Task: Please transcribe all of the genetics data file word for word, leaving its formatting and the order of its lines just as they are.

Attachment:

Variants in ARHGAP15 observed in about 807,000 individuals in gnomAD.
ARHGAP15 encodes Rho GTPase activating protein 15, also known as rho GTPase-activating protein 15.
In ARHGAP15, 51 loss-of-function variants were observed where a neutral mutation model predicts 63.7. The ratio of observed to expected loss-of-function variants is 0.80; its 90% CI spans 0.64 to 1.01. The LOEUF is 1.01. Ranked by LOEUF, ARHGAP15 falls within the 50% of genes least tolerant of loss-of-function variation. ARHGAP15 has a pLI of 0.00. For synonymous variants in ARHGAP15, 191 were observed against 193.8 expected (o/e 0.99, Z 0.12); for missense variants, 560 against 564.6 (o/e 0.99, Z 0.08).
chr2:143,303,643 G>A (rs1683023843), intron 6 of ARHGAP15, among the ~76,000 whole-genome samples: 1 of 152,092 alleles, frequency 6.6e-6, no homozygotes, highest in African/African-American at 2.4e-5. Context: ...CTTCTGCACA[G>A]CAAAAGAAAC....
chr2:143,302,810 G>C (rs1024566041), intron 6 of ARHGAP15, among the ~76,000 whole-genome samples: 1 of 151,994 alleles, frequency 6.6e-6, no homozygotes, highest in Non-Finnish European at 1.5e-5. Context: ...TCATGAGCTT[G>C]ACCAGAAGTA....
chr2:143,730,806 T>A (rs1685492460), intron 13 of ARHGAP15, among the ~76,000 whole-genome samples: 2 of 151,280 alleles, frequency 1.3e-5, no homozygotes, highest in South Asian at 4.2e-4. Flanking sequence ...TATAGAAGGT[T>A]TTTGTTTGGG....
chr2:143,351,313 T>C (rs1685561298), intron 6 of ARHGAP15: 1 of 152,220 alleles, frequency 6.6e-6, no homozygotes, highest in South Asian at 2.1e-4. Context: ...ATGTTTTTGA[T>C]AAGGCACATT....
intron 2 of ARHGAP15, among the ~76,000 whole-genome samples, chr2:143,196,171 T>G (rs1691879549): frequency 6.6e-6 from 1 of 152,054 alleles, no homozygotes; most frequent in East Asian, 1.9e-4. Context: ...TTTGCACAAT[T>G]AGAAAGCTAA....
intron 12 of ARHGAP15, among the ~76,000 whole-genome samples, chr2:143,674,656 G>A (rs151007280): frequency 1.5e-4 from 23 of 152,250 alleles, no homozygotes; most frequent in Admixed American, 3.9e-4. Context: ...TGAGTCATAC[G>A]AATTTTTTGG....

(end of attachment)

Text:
Variants in ARHGAP15 observed in about 807,000 individuals in gnomAD.
ARHGAP15 encodes Rho GTPase activating protein 15, also known as rho GTPase-activating protein 15.
In ARHGAP15, 51 loss-of-function variants were observed where a neutral mutation model predicts 63.7. The ratio of observed to expected loss-of-function variants is 0.80; its 90% CI spans 0.64 to 1.01. The LOEUF is 1.01. Ranked by LOEUF, ARHGAP15 falls within the 50% of genes least tolerant of loss-of-function variation. ARHGAP15 has a pLI of 0.00. For synonymous variants in ARHGAP15, 191 were observed against 193.8 expected (o/e 0.99, Z 0.12); for missense variants, 560 against 564.6 (o/e 0.99, Z 0.08).
chr2:143,303,643 G>A (rs1683023843), intron 6 of ARHGAP15, among the ~76,000 whole-genome samples: 1 of 152,092 alleles, frequency 6.6e-6, no homozygotes, highest in African/African-American at 2.4e-5. Context: ...CTTCTGCACA[G>A]CAAAAGAAAC....
chr2:143,302,810 G>C (rs1024566041), intron 6 of ARHGAP15, among the ~76,000 whole-genome samples: 1 of 151,994 alleles, frequency 6.6e-6, no homozygotes, highest in Non-Finnish European at 1.5e-5. Context: ...TCATGAGCTT[G>C]ACCAGAAGTA....
chr2:143,730,806 T>A (rs1685492460), intron 13 of ARHGAP15, among the ~76,000 whole-genome samples: 2 of 151,280 alleles, frequency 1.3e-5, no homozygotes, highest in South Asian at 4.2e-4. Flanking sequence ...TATAGAAGGT[T>A]TTTGTTTGGG....
chr2:143,351,313 T>C (rs1685561298), intron 6 of ARHGAP15: 1 of 152,220 alleles, frequency 6.6e-6, no homozygotes, highest in South Asian at 2.1e-4. Context: ...ATGTTTTTGA[T>C]AAGGCACATT....
intron 2 of ARHGAP15, among the ~76,000 whole-genome samples, chr2:143,196,171 T>G (rs1691879549): frequency 6.6e-6 from 1 of 152,054 alleles, no homozygotes; most frequent in East Asian, 1.9e-4. Context: ...TTTGCACAAT[T>G]AGAAAGCTAA....
intron 12 of ARHGAP15, among the ~76,000 whole-genome samples, chr2:143,674,656 G>A (rs151007280): frequency 1.5e-4 from 23 of 152,250 alleles, no homozygotes; most frequent in Admixed American, 3.9e-4. Context: ...TGAGTCATAC[G>A]AATTTTTTGG....